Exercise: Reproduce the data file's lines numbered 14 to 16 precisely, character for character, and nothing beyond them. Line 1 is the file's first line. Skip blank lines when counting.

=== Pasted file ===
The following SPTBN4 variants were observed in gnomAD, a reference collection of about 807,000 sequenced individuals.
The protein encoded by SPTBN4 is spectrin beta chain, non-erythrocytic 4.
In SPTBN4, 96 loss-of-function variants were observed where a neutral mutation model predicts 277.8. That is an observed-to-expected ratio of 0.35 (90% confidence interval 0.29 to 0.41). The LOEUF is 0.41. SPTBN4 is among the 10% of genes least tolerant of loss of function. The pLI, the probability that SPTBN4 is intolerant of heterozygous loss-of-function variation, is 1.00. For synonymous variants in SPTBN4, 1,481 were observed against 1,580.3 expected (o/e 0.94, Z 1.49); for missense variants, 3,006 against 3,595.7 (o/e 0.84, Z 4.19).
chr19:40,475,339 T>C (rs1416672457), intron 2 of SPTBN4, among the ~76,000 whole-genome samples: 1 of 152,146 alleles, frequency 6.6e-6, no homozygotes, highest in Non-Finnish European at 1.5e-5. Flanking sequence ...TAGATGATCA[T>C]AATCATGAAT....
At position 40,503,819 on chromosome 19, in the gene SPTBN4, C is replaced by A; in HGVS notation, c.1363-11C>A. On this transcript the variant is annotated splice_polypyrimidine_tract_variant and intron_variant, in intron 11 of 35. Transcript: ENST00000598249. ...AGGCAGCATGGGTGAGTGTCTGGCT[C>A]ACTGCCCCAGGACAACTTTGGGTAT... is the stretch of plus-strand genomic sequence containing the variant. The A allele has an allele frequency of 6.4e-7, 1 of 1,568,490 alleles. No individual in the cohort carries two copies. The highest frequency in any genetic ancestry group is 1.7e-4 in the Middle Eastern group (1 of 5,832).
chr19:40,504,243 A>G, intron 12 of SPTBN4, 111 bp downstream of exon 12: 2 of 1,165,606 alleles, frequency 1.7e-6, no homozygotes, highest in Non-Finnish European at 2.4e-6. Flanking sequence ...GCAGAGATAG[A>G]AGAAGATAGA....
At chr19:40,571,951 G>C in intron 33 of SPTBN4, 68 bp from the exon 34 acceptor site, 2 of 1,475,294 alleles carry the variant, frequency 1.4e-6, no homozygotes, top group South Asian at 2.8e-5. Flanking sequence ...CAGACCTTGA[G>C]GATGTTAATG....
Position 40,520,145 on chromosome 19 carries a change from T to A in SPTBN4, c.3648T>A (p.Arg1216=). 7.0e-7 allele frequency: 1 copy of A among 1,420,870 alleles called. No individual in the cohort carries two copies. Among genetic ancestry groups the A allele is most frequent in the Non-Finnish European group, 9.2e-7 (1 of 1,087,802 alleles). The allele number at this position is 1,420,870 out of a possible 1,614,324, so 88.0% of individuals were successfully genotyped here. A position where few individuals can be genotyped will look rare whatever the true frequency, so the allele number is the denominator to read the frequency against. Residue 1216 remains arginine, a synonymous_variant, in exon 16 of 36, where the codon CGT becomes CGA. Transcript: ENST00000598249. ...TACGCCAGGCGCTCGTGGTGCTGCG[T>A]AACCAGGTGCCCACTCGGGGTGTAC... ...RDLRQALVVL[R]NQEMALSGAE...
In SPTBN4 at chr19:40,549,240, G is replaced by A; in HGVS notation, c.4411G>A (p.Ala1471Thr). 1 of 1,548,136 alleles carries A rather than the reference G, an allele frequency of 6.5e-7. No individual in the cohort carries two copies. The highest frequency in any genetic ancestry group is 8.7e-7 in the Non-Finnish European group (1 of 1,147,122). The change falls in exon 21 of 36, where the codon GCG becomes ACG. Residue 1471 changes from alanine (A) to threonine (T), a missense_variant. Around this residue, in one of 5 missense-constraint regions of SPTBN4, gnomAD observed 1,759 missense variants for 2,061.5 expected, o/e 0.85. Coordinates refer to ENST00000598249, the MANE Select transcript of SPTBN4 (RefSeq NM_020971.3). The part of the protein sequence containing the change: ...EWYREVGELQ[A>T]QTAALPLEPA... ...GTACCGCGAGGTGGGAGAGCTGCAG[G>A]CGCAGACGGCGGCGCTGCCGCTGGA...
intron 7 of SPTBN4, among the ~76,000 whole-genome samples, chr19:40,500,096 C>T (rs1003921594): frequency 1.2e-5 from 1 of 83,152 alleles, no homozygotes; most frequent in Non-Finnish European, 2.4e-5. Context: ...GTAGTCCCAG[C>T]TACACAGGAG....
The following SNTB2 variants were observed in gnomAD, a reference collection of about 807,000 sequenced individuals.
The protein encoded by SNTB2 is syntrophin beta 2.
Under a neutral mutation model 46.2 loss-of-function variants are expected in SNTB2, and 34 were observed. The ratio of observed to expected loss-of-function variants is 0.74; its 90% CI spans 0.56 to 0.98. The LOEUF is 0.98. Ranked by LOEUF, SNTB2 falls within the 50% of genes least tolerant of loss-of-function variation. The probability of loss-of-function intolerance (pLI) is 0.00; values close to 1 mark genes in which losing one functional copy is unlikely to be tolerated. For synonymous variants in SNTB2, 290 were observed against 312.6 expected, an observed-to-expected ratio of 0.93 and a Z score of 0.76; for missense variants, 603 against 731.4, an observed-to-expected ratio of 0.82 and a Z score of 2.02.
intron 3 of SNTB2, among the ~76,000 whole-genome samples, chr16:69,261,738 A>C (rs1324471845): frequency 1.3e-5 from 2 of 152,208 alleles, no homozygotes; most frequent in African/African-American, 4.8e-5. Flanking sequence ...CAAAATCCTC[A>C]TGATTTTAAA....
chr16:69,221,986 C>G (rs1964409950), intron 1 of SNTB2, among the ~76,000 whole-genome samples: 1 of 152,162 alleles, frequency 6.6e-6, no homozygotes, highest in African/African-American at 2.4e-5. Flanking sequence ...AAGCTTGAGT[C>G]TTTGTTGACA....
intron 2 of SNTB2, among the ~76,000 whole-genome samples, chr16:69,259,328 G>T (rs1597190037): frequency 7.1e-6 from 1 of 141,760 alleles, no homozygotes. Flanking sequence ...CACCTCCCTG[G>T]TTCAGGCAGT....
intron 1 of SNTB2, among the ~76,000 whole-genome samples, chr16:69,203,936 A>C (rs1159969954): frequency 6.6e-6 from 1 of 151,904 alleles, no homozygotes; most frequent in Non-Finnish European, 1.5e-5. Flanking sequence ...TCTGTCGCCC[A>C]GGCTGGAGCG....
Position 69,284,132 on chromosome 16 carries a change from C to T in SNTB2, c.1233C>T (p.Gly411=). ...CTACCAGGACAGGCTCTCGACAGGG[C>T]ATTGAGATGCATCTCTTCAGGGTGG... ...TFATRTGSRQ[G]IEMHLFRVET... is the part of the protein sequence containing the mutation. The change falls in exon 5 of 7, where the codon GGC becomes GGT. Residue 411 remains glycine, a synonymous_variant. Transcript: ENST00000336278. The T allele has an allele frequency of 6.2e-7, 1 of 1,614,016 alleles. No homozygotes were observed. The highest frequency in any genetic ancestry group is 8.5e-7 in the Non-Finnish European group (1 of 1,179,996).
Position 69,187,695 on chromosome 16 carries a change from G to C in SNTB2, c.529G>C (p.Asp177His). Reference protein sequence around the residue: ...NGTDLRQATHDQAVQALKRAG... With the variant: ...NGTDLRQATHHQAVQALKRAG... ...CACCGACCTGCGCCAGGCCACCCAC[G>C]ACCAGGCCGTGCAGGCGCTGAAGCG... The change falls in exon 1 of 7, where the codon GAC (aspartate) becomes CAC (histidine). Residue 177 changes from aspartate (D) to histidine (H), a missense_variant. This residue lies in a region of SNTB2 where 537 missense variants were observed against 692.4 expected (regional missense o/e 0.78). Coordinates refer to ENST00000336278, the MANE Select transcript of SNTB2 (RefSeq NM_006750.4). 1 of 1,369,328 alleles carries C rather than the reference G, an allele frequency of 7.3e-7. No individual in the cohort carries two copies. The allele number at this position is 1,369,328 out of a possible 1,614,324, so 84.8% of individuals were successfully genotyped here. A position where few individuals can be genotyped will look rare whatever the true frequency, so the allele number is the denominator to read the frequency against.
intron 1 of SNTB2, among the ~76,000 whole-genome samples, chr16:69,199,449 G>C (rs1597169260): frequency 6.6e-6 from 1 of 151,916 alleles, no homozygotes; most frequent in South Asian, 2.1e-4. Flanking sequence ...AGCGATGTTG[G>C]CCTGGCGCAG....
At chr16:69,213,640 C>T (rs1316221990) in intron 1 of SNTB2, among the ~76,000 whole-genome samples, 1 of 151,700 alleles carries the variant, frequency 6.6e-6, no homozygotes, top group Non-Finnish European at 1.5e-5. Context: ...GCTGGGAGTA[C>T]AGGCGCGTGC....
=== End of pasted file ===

intron 3 of SNTB2, among the ~76,000 whole-genome samples, chr16:69,261,738 A>C (rs1324471845): frequency 1.3e-5 from 2 of 152,208 alleles, no homozygotes; most frequent in African/African-American, 4.8e-5. Flanking sequence ...CAAAATCCTC[A>C]TGATTTTAAA....
chr16:69,221,986 C>G (rs1964409950), intron 1 of SNTB2, among the ~76,000 whole-genome samples: 1 of 152,162 alleles, frequency 6.6e-6, no homozygotes, highest in African/African-American at 2.4e-5. Flanking sequence ...AAGCTTGAGT[C>G]TTTGTTGACA....
intron 2 of SNTB2, among the ~76,000 whole-genome samples, chr16:69,259,328 G>T (rs1597190037): frequency 7.1e-6 from 1 of 141,760 alleles, no homozygotes. Flanking sequence ...CACCTCCCTG[G>T]TTCAGGCAGT....